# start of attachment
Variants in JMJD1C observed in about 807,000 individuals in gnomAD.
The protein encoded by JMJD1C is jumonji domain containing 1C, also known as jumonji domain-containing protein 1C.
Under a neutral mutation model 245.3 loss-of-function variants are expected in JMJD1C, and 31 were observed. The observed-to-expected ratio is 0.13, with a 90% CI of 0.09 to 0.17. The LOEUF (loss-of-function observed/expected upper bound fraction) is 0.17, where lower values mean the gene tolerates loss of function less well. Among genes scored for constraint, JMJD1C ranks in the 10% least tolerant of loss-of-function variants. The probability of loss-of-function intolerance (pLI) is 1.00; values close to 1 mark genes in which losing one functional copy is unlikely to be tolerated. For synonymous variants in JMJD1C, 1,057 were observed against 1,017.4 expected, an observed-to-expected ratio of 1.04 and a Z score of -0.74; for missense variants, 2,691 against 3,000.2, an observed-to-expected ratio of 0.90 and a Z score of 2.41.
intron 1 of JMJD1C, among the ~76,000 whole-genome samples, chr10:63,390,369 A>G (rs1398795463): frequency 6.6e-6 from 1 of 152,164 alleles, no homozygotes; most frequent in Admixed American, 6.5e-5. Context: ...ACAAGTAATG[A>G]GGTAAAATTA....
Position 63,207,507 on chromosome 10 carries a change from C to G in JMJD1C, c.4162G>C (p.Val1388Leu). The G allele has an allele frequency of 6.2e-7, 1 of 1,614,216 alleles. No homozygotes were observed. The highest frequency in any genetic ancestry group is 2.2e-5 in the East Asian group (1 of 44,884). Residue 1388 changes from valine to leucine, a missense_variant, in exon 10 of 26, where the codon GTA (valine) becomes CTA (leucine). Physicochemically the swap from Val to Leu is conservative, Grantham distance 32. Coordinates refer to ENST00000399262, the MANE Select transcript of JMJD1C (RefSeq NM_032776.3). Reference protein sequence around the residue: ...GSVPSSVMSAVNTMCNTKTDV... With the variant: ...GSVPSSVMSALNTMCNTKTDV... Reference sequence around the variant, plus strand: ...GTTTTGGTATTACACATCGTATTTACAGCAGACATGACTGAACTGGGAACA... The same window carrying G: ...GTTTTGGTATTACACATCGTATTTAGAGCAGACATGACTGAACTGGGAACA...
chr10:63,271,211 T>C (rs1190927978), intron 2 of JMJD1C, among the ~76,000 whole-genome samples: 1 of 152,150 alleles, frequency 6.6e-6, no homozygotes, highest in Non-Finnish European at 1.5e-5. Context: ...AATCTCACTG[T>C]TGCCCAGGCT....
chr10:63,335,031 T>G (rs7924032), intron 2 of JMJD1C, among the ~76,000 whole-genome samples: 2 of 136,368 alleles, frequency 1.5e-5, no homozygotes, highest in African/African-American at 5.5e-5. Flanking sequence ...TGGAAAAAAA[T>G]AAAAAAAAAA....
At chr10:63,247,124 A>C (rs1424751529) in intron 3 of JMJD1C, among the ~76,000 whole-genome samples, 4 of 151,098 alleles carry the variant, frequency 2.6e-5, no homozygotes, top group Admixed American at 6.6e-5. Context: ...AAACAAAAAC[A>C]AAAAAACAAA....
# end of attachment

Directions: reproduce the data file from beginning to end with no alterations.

Variants in JMJD1C observed in about 807,000 individuals in gnomAD.
The protein encoded by JMJD1C is jumonji domain containing 1C, also known as jumonji domain-containing protein 1C.
Under a neutral mutation model 245.3 loss-of-function variants are expected in JMJD1C, and 31 were observed. The observed-to-expected ratio is 0.13, with a 90% CI of 0.09 to 0.17. The LOEUF (loss-of-function observed/expected upper bound fraction) is 0.17, where lower values mean the gene tolerates loss of function less well. Among genes scored for constraint, JMJD1C ranks in the 10% least tolerant of loss-of-function variants. The probability of loss-of-function intolerance (pLI) is 1.00; values close to 1 mark genes in which losing one functional copy is unlikely to be tolerated. For synonymous variants in JMJD1C, 1,057 were observed against 1,017.4 expected, an observed-to-expected ratio of 1.04 and a Z score of -0.74; for missense variants, 2,691 against 3,000.2, an observed-to-expected ratio of 0.90 and a Z score of 2.41.
intron 1 of JMJD1C, among the ~76,000 whole-genome samples, chr10:63,390,369 A>G (rs1398795463): frequency 6.6e-6 from 1 of 152,164 alleles, no homozygotes; most frequent in Admixed American, 6.5e-5. Context: ...ACAAGTAATG[A>G]GGTAAAATTA....
Position 63,207,507 on chromosome 10 carries a change from C to G in JMJD1C, c.4162G>C (p.Val1388Leu). The G allele has an allele frequency of 6.2e-7, 1 of 1,614,216 alleles. No homozygotes were observed. The highest frequency in any genetic ancestry group is 2.2e-5 in the East Asian group (1 of 44,884). Residue 1388 changes from valine to leucine, a missense_variant, in exon 10 of 26, where the codon GTA (valine) becomes CTA (leucine). Physicochemically the swap from Val to Leu is conservative, Grantham distance 32. Coordinates refer to ENST00000399262, the MANE Select transcript of JMJD1C (RefSeq NM_032776.3). Reference protein sequence around the residue: ...GSVPSSVMSAVNTMCNTKTDV... With the variant: ...GSVPSSVMSALNTMCNTKTDV... Reference sequence around the variant, plus strand: ...GTTTTGGTATTACACATCGTATTTACAGCAGACATGACTGAACTGGGAACA... The same window carrying G: ...GTTTTGGTATTACACATCGTATTTAGAGCAGACATGACTGAACTGGGAACA...
chr10:63,271,211 T>C (rs1190927978), intron 2 of JMJD1C, among the ~76,000 whole-genome samples: 1 of 152,150 alleles, frequency 6.6e-6, no homozygotes, highest in Non-Finnish European at 1.5e-5. Context: ...AATCTCACTG[T>C]TGCCCAGGCT....
chr10:63,335,031 T>G (rs7924032), intron 2 of JMJD1C, among the ~76,000 whole-genome samples: 2 of 136,368 alleles, frequency 1.5e-5, no homozygotes, highest in African/African-American at 5.5e-5. Flanking sequence ...TGGAAAAAAA[T>G]AAAAAAAAAA....
At chr10:63,247,124 A>C (rs1424751529) in intron 3 of JMJD1C, among the ~76,000 whole-genome samples, 4 of 151,098 alleles carry the variant, frequency 2.6e-5, no homozygotes, top group Admixed American at 6.6e-5. Context: ...AAACAAAAAC[A>C]AAAAAACAAA....